BIBLE, value of
An unknown writer said, "This Book is the mind of God, the state of man, the way
of salvation, the doom of sinners, and the happiness of believers. Its doctrines are holy,
its precepts are binding; its histories are true, and its decisions are immutable. Read it
to be wise, believe it to be safe, practice it to be holy. It contains light to direct
you, food to support you, and comfort to cheer you. It is the traveler's map, the
pilgrim's staff, the pilot's compass, the soldier's sword, and the Christian's character.
Here paradise is restored, heaven opened, and the gates of hell disclosed. Christ is its
grand subject, our good its design, and the glory of God its end. It should fill the
memory, rule the heart, and guide the feet. Read it slowly, frequently, prayerfully. It is
a mine of wealth, a paradise of glory, and a river of pleasure. Follow its precepts and it
will lead you to Calvary, to the empty tomb, to a resurrected life in Christ; yes, to
glory itself, for eternity.
In the year A.D. 303, the Roman Emperor Diocletian issued a decree which he hoped would
extinguish the spreading flames of Christianity. One of his primary objectives was the
seizure and destruction of the Christian Scriptures. Later that year, officials enforced
the decree in North Africa. One of the targets was Felix, Bishop of Tibjuca, a village
near Carthage. The mayor of the town ordered Felix to hand over his Scriptures. Though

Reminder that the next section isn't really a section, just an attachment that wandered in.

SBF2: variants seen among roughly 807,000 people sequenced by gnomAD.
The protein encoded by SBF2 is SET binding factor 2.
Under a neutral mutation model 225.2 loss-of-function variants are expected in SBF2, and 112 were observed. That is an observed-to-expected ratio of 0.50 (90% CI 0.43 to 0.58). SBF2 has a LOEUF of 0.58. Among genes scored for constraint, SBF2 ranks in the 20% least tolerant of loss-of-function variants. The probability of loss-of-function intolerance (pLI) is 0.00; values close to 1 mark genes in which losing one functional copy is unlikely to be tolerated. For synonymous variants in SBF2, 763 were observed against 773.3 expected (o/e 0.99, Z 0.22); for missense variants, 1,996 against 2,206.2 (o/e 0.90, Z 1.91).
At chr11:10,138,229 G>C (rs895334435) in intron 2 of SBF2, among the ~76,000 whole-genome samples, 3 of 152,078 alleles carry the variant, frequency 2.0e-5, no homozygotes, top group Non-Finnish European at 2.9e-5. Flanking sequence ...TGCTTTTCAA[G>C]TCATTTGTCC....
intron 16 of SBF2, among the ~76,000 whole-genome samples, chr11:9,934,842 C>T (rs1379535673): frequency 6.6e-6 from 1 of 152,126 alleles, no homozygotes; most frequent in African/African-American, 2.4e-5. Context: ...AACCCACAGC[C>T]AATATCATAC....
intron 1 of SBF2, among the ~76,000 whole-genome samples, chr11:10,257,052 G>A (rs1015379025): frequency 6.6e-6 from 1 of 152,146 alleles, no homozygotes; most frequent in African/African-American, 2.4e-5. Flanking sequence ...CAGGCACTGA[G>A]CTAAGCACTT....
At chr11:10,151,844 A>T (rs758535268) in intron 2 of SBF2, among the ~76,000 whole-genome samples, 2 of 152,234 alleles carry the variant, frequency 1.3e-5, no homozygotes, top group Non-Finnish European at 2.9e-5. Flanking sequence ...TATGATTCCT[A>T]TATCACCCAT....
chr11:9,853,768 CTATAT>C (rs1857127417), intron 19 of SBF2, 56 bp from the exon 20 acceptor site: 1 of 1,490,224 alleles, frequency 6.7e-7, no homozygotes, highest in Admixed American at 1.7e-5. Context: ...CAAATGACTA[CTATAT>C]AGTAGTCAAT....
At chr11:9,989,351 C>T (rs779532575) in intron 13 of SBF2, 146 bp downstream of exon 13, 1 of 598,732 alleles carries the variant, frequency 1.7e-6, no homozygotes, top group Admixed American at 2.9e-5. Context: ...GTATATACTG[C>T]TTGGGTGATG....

some judges were willing to accept scraps of parchment, Felix refused to surrender the
Word of God at the insistence of mere men. Resolutely, he resisted compromise. Roman
authorities finally shipped Felix to Italy where he paid for his stubbornness with his
life. On August 30, as the record puts it, "with pious obstinacy," he laid down
his life rather than surrender his Gospels.
Christian Theology in Plain Language, p. 41.
Anatoli Shcharansky, a dissident Soviet Jew, kissed his wife goodbye as she left Russia
for freedom in Israel. His parting words to her were, "I'll see you soon in
Jerusalem." But Anatoli was detained and finally imprisoned. Their reunion in
Jerusalem would not only be postponed, it might never occur. During long years in Russian
prisons and work camps Anatoli was stripped of his personal belongings. His only
possession was a miniature copy of the Psalms. Once during his imprisonment, his refusal
to release the book to the authorities cost him 130 days in solitary confinement. Finally,
twelve years after parting with his wife, he was offered freedom. In February 1986, as the
world watched, Shcharansky was allowed to walk away from Russian guards toward those who
would take him to Jerusalem. But in the final moments of captivity, the guards tried again
to confiscate the Psalms book. Anatoli threw himself face down in the snow and refused to
walk on to freedom without it. Those words had kept him alive during imprisonment. He
would not go on to freedom without them.
Discipleship Journal, Issue #43 (1988), p.
It is said that when the famous missionary, Dr. David Livingstone, started his trek
across Africa he had 73 books in 3 packs, weighing 180 pounds. After the party had gone
300 miles, Livingstone was obliged to throw away some of the books because of the fatigue
of those carrying his baggage. As he continued on his journey his library grew less and
less, until he had but one book left--his Bible.
Today in the Word, April, 1989, p. 28.